High blood pressure affects millions of people worldwide. In this illness, activity of angiotensin converting enzyme (ACE) leads to the narrowing of blood vessels. There are many drugs that reduce blood pressure by inhibiting ACE, but these synthetic compounds, including captopril, can cause negative side effects. To find alternatives, I studied structures of different natural compounds that might inhibit ACE. Through background research, I found betanin, a substance in beets. It shared a distinct structural feature with captopril and other ACE inhibitors. Therefore, it was hypothesized that betanin would significantly inhibit ACE activity. ACE activity was measured using two different spectrophotometric assays. In the first, hippuryl-L-histidyl-L-leucine (HHL) was used as the substrate. The product formed (hippuric acid) was separated from the substrate by solvent extraction and used to calculate ACE activity with and without betanin. Though this showed that betanin inhibited ACE, the assay was inefficient, so a second method was utilized. The degradation of Furanacroloyl-Phe-Gly-Gly (FAPGG), the substrate, was measured to calculate ACE activity with betanin or captopril at different concentrations. The IC50 for betanin was 640 μM and the IC50 for captopril was 0.0052 μM. The results of this experiment showed that betanin significantly inhibited ACE in a concentration-dependent manner. This information is novel and has potential to be developed into a cost-effective treatment for hypertension. In the future betanin’s inhibition efficiency could be improved by breaking it down. My study opens up the possibility of exploring the ACE inhibitory properties of other related plant products as well.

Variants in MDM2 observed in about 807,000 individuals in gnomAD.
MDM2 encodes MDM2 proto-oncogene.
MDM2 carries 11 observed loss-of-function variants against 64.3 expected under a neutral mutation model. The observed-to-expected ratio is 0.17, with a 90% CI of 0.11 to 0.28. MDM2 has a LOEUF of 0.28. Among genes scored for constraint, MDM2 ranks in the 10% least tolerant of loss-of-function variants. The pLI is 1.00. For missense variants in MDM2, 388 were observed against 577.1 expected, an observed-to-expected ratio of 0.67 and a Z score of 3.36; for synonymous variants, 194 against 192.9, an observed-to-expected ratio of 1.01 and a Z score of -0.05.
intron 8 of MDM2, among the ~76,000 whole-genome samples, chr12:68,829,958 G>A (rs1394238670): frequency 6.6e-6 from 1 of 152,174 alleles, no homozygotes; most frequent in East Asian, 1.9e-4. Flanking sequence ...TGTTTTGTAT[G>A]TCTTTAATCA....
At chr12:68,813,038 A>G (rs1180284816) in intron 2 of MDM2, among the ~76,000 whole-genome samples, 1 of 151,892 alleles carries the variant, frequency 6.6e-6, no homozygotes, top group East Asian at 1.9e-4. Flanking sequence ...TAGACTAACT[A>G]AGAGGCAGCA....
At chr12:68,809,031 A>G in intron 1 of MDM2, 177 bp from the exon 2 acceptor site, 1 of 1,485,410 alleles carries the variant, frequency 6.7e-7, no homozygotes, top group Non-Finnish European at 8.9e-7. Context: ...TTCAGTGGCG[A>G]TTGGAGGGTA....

Third Award of $1,000